Jesuit priest and theologian Jon Sobrino received yet another honorary doctorate yesterday, this time from the University of Valencia. Here is a translation of the press release:
Jesuit priest Jon Sobrino has received a communication on Monday of his nomination to "doctor honoris causa" by the University of Valencia from the hands of the rector, Francisco Tomás. The theologian was awarded the honorary doctorate by the Governing Council on September 29th but because of his poor health, was unable to attend the solemn ceremony in which the University highlights people who stand out by their relevant academic merit.
Sobrino studied theology at the University of St. Louis in the United States and engineering at the University of Frankfurt, and is considered one of the most qualified representatives of liberation theology. In the nomination, the president highlighted how the Jesuit theologian "has helped to develop an area of social thought from the ethical principle of partiality to the poor, hope and peace, which is food for thought, trains one to think and teaches how to think."
In his study of the Universidad Centro Americana (UCA), Sobrino kept up a deep and lively conversation with the rector, which might have served as a lecture for his investiture as Doctor Honoris Causa. "You have to communicate that goodness is possible because even though we know that the world cannot be built with this alone, without kindness and with selfishness, what will the world come to?", he asked. In El Salvador, "speaking of Jesus of Nazareth has a social impact and for that they killed thousands of people," he said, recalling the 75,000 victims of the massacres by the army and paramilitary groups against the peasant population and the Jesuits themselves.
The priest stressed that although military violence has disappeared, El Salvador remains the country of Latin America with more murders per capita, that a third of the population has been forced to emigrate and that it is one of the nations that is least talked about . "However," he asserted, "there are roots of humanization in its people which come from the Jesuit martyrs." Sobrino joked with the rector about the so-called electric forward of Valencia FC during the forties (Epi, Amadeo, Mundo, Asensi and Gorostiza) which led him to reflect about soccer and the world's poor. "A man who plays soccer gets paid 94 million euros," he said remembering one of the most high-profile signings in the Spanish league. "What is sin?", he asked. "Sin is what kills and when I read in Marca that in a game between Madrid and Lazio there were 700 million euros on the field, I could not avoid consulting an economics yearbook and verifying that this amount is twice the national budget of countries like Chad."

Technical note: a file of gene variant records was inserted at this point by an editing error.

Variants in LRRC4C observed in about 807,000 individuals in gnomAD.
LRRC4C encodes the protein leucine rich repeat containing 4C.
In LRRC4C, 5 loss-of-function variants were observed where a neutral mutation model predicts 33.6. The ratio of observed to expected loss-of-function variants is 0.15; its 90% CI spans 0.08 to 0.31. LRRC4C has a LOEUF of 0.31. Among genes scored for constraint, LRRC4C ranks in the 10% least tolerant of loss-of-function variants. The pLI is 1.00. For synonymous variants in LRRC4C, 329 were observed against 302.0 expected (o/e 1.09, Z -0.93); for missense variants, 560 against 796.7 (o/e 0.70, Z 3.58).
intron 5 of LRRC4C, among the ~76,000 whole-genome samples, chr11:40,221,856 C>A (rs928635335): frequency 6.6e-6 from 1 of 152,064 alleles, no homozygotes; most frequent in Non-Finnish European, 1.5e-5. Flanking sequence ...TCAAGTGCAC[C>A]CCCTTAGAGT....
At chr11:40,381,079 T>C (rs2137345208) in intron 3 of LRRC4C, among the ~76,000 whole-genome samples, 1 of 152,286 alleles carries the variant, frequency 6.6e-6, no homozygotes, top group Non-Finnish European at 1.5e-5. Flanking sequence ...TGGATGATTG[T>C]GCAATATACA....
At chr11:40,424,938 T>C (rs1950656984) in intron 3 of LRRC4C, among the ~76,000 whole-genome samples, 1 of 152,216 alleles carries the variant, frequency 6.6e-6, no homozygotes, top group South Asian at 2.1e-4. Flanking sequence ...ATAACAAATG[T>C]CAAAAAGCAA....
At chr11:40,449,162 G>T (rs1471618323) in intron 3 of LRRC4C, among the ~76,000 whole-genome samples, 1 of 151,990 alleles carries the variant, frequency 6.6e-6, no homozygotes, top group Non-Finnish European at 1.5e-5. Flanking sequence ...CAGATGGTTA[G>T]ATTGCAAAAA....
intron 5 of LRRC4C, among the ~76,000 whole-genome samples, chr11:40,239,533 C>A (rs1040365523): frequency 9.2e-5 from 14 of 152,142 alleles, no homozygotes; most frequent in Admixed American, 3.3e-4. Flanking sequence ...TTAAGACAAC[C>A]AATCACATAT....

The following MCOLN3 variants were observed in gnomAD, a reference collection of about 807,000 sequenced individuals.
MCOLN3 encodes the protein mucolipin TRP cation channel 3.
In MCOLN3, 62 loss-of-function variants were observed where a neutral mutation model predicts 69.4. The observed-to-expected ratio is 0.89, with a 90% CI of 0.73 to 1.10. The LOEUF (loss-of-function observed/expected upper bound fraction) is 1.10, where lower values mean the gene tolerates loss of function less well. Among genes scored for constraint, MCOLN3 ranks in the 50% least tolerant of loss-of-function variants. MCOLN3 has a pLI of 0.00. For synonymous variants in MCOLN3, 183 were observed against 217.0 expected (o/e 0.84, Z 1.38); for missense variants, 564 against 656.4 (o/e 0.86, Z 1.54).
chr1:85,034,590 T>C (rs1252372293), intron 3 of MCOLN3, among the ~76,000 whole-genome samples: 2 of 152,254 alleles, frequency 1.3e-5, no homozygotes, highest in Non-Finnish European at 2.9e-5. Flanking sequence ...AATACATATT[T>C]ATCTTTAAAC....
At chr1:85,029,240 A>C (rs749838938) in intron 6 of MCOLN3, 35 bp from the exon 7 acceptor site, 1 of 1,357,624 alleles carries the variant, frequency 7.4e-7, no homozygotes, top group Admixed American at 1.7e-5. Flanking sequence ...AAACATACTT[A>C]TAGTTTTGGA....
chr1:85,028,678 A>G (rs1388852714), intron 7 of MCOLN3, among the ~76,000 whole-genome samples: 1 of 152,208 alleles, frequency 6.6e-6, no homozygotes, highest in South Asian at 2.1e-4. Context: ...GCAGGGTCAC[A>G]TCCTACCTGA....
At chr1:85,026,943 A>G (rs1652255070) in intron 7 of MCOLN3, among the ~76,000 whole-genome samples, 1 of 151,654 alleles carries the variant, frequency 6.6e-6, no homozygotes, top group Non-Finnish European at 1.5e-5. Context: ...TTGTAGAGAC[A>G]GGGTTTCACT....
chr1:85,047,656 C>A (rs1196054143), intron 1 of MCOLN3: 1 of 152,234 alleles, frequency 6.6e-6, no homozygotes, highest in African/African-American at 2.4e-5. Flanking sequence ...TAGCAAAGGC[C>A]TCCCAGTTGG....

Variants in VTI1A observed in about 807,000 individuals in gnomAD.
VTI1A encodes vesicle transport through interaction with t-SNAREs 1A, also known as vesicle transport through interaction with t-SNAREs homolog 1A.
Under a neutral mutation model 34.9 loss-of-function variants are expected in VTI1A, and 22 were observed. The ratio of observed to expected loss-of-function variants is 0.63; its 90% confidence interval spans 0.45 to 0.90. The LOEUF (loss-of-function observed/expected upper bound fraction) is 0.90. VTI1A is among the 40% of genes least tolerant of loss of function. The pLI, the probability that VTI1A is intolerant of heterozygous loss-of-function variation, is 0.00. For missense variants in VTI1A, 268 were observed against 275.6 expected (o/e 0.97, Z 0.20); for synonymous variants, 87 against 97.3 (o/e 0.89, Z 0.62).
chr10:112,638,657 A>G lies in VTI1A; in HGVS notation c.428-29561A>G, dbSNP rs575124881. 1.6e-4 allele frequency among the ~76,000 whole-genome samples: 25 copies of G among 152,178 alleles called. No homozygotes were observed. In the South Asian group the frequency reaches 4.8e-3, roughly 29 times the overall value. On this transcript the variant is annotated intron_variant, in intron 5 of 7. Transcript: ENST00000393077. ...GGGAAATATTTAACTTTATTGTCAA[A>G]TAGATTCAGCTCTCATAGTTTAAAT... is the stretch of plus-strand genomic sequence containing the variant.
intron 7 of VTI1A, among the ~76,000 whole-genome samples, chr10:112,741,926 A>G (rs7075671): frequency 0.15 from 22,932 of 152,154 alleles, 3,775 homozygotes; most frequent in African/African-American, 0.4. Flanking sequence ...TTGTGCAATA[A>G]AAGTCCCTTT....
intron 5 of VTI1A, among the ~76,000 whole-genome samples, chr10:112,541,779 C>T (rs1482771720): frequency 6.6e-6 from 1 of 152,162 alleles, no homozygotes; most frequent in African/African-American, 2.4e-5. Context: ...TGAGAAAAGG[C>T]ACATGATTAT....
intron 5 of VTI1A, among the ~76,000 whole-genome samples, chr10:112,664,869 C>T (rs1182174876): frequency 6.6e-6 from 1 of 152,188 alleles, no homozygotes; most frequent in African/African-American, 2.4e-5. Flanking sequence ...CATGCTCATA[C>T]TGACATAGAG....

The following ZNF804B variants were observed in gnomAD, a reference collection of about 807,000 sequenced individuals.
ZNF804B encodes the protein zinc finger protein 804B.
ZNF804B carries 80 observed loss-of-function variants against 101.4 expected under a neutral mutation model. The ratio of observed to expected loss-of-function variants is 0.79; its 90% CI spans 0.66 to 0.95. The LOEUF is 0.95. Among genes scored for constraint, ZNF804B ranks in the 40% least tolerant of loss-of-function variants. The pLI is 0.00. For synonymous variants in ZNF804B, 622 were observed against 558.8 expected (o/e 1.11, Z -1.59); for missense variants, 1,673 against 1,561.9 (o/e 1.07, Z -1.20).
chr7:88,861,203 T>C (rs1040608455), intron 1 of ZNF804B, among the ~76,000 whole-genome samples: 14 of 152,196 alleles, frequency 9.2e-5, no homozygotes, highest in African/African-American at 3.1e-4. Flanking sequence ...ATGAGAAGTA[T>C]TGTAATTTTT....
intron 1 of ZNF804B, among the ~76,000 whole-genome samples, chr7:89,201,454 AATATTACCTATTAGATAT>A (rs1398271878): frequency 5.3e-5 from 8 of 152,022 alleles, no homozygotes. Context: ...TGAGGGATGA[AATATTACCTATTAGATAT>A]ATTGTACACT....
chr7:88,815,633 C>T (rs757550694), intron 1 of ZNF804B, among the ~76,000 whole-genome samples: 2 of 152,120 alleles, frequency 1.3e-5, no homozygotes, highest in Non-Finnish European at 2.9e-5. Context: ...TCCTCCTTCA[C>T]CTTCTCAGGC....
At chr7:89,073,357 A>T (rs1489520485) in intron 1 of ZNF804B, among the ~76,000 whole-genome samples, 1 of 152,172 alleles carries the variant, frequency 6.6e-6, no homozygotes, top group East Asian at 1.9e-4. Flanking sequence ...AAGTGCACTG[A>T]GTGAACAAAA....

Sobrino showed the rector the garden where Father Ignacio Ellacuría (rector of the UCA) was murdered along with five other Jesuits and two employees of the university. A garden of black earth, where eight red roses now bloom and that has become a center of pilgrimage. The priest gave the rector his book "No Salvation Outside the Poor", a work the writing of which gave him "great distress". "I am still uneasy," he confessed, "but I know that if I had not written it, it would have been worse." "Sometimes we Jesuits aren't lying," he said sarcastically.
The figure of the former rector of the UCA deserved special reflection. Although there is increasing recognition of the assassinated Ellacuría, there is also a forgotten Ellacuría for whom the most difficult task of our time is "reversing history, subverting it and throwing it in another direction," in order to heal "a seriously ill civilization" and "thus avoid a fateful and fatal outcome." According to Sobrino, there are three themes from Ellacuría that have been neglected. The first is the crucified people - the ultimate sign of the times - who must be lowered from the cross, knowing that one may end up on the cross oneself. The second is to work for a civilization of poverty, in opposition to and overcoming the one of wealth that is responsible for the prevailing disease of civilization. The third are his words "In Romero, God visited El Salvador," which, according to Sobrino, "refer to something intimate and beneficial" that made itself present "in the advocates for the victims." "With Romero, we saw pure love," he said, evoking the figure of the bishop killed by the extreme right to recall that "there are not enough people who say we want to do good because it is what makes us more human."
Sobrino also reflected on the role of the official church and the church hierarchy. "Hierarchy," he recalled, means sacred power, but that power doesn't produce good; here in Latin America, the Church is a very good social force, but in Spain, it's a disaster." The priest called for" an authentic conversion that turns everything inside out" because "there is hope." He said of the work of his murdered fellow Jesuits that it remained a testimony that "goodness was possible" because "it's bad when it is decided that there's no room for kindness."
The rector, who was accompanied by the general secretary of the University, Marisa Contri, and the vice-rector for Institutional Relations and Cooperation, Rosa Moliner, is supposed to inaugurate a regional health center in San Salvador today, driven by the University of Valencia in collaboration with other institutions.